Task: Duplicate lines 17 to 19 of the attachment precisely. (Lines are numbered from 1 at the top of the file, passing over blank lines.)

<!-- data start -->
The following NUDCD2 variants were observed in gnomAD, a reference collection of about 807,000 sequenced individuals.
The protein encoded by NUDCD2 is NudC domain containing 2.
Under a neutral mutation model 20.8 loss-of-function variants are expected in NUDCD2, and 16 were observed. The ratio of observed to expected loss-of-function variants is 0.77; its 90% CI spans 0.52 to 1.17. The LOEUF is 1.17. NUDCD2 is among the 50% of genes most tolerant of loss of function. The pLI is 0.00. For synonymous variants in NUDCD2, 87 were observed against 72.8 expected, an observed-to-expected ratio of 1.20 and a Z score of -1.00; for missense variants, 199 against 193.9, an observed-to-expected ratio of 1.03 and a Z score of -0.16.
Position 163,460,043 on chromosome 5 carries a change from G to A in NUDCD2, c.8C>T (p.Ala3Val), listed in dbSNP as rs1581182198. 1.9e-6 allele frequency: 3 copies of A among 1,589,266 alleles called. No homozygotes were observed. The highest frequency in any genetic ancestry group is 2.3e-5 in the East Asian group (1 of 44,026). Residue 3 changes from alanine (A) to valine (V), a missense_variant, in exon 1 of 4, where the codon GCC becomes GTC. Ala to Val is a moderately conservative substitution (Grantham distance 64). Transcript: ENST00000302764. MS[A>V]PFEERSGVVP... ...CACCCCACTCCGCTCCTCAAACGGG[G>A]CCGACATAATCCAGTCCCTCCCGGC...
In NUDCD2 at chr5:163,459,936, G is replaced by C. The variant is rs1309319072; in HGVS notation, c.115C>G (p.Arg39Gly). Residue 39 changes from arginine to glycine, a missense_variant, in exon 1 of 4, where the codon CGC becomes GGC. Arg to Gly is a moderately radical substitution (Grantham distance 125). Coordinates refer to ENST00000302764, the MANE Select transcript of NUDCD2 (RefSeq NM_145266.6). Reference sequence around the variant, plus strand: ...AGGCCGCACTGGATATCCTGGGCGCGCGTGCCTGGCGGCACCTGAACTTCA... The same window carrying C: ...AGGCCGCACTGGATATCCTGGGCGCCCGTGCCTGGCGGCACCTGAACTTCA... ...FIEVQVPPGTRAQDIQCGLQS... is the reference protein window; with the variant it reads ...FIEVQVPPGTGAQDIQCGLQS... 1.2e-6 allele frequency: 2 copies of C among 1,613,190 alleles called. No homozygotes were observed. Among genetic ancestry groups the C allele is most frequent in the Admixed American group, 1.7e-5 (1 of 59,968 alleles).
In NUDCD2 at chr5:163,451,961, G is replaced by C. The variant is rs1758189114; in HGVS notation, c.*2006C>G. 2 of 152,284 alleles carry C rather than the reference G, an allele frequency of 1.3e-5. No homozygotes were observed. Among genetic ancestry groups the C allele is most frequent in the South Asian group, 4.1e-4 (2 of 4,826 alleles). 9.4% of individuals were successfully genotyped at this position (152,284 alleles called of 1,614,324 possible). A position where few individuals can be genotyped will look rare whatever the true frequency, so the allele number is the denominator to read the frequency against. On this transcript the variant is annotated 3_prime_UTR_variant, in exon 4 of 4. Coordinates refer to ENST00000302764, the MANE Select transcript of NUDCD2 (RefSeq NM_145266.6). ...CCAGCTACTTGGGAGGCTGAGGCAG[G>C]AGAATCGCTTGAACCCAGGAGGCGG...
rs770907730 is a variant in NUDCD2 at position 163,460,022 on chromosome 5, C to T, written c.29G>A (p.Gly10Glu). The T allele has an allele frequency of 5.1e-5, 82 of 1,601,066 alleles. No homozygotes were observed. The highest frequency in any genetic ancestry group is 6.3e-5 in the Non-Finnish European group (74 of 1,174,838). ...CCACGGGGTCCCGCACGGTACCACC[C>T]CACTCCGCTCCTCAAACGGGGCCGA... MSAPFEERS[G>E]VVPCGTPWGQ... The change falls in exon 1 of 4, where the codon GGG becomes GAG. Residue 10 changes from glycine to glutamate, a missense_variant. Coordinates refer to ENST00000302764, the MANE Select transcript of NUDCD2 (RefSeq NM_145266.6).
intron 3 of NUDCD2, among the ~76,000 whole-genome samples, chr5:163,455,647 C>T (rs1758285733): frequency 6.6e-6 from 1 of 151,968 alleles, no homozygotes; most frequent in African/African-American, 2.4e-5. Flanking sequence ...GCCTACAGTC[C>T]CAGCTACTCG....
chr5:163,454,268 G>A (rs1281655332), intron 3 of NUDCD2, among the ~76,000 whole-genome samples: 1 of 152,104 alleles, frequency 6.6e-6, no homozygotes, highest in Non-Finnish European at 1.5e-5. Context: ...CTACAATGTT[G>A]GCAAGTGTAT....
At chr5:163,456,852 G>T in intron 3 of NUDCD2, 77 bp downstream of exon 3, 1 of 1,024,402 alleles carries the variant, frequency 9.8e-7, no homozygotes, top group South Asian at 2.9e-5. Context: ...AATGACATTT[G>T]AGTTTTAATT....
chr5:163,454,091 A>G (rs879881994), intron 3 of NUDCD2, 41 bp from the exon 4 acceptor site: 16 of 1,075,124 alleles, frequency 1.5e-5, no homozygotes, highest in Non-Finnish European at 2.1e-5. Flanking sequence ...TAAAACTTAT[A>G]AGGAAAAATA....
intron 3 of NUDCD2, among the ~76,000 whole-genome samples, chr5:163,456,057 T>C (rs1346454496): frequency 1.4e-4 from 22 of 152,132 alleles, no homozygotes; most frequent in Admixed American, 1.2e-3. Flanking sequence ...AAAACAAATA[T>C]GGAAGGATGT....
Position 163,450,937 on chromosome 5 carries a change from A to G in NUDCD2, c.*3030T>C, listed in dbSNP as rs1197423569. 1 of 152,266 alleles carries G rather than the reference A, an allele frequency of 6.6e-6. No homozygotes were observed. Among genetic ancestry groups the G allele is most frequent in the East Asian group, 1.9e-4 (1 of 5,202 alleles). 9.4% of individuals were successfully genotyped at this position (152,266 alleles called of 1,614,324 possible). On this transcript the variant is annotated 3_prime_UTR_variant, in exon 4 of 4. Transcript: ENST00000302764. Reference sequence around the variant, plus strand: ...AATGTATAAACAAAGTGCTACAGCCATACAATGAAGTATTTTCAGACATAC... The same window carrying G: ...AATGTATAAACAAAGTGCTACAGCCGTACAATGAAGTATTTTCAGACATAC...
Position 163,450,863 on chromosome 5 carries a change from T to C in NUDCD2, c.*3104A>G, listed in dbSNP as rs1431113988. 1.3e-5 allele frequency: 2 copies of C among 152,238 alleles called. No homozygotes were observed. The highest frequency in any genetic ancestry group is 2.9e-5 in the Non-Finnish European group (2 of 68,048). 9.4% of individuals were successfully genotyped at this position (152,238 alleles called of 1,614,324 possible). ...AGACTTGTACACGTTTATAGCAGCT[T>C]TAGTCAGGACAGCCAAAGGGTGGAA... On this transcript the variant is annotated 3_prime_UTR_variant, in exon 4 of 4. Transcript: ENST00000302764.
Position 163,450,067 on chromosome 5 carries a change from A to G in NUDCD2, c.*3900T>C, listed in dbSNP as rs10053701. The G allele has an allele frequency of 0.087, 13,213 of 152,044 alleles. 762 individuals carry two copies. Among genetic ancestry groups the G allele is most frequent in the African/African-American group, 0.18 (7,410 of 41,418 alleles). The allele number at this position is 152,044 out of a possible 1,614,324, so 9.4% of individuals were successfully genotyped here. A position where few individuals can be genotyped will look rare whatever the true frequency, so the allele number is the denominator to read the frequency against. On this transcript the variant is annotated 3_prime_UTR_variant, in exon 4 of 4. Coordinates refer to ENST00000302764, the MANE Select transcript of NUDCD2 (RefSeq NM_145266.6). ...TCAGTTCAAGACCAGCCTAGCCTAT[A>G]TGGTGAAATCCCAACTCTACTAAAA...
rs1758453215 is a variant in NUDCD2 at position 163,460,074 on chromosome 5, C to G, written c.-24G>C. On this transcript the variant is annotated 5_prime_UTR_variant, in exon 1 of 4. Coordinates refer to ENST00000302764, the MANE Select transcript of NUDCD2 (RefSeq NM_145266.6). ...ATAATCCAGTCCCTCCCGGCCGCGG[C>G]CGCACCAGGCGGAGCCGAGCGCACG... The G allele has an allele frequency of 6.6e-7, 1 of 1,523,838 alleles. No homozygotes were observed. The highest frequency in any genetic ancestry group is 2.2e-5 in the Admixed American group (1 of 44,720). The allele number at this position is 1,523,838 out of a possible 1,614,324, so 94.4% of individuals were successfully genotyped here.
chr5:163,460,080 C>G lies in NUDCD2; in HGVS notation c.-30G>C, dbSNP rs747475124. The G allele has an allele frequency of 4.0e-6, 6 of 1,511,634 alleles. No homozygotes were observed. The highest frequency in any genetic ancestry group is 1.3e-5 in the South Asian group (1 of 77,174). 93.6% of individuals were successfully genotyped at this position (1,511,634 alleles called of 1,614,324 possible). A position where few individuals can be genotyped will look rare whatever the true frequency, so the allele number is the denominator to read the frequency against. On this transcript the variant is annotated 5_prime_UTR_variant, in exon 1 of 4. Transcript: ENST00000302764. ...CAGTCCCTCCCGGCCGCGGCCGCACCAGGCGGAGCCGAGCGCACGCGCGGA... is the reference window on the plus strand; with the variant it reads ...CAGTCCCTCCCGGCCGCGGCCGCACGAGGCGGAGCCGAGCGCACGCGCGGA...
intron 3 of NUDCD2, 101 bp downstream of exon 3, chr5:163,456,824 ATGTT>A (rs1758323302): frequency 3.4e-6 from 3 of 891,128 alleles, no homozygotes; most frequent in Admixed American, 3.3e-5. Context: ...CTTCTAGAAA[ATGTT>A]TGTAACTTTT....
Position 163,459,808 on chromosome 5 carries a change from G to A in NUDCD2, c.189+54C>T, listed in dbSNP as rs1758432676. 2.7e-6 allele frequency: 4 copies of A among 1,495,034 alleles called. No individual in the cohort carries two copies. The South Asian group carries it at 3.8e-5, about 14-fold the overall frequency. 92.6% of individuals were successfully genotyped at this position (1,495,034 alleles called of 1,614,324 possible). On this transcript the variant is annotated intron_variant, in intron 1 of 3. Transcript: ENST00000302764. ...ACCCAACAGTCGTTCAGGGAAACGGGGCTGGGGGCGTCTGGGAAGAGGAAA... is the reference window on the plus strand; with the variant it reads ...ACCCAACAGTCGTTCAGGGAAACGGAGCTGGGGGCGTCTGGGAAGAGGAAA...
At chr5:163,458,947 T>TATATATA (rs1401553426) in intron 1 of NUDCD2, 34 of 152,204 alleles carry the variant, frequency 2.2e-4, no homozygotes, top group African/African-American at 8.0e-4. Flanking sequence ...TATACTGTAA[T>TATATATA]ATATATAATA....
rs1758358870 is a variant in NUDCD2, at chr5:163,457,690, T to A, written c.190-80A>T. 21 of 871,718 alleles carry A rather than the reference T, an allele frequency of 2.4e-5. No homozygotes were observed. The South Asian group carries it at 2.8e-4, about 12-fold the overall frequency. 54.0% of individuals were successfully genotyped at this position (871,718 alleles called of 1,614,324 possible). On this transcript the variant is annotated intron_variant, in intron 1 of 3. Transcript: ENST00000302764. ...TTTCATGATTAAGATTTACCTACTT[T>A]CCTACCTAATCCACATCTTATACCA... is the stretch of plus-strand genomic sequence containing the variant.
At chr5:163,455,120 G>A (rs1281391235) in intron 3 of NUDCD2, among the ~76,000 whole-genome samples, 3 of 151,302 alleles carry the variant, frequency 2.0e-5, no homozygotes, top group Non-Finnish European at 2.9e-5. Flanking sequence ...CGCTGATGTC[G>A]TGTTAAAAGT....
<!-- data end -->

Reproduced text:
chr5:163,460,080 C>G lies in NUDCD2; in HGVS notation c.-30G>C, dbSNP rs747475124. The G allele has an allele frequency of 4.0e-6, 6 of 1,511,634 alleles. No homozygotes were observed. The highest frequency in any genetic ancestry group is 1.3e-5 in the South Asian group (1 of 77,174). 93.6% of individuals were successfully genotyped at this position (1,511,634 alleles called of 1,614,324 possible). A position where few individuals can be genotyped will look rare whatever the true frequency, so the allele number is the denominator to read the frequency against. On this transcript the variant is annotated 5_prime_UTR_variant, in exon 1 of 4. Transcript: ENST00000302764. ...CAGTCCCTCCCGGCCGCGGCCGCACCAGGCGGAGCCGAGCGCACGCGCGGA... is the reference window on the plus strand; with the variant it reads ...CAGTCCCTCCCGGCCGCGGCCGCACGAGGCGGAGCCGAGCGCACGCGCGGA...
intron 3 of NUDCD2, 101 bp downstream of exon 3, chr5:163,456,824 ATGTT>A (rs1758323302): frequency 3.4e-6 from 3 of 891,128 alleles, no homozygotes; most frequent in Admixed American, 3.3e-5. Context: ...CTTCTAGAAA[ATGTT>A]TGTAACTTTT....
Position 163,459,808 on chromosome 5 carries a change from G to A in NUDCD2, c.189+54C>T, listed in dbSNP as rs1758432676. 2.7e-6 allele frequency: 4 copies of A among 1,495,034 alleles called. No individual in the cohort carries two copies. The South Asian group carries it at 3.8e-5, about 14-fold the overall frequency. 92.6% of individuals were successfully genotyped at this position (1,495,034 alleles called of 1,614,324 possible). On this transcript the variant is annotated intron_variant, in intron 1 of 3. Transcript: ENST00000302764. ...ACCCAACAGTCGTTCAGGGAAACGGGGCTGGGGGCGTCTGGGAAGAGGAAA... is the reference window on the plus strand; with the variant it reads ...ACCCAACAGTCGTTCAGGGAAACGGAGCTGGGGGCGTCTGGGAAGAGGAAA...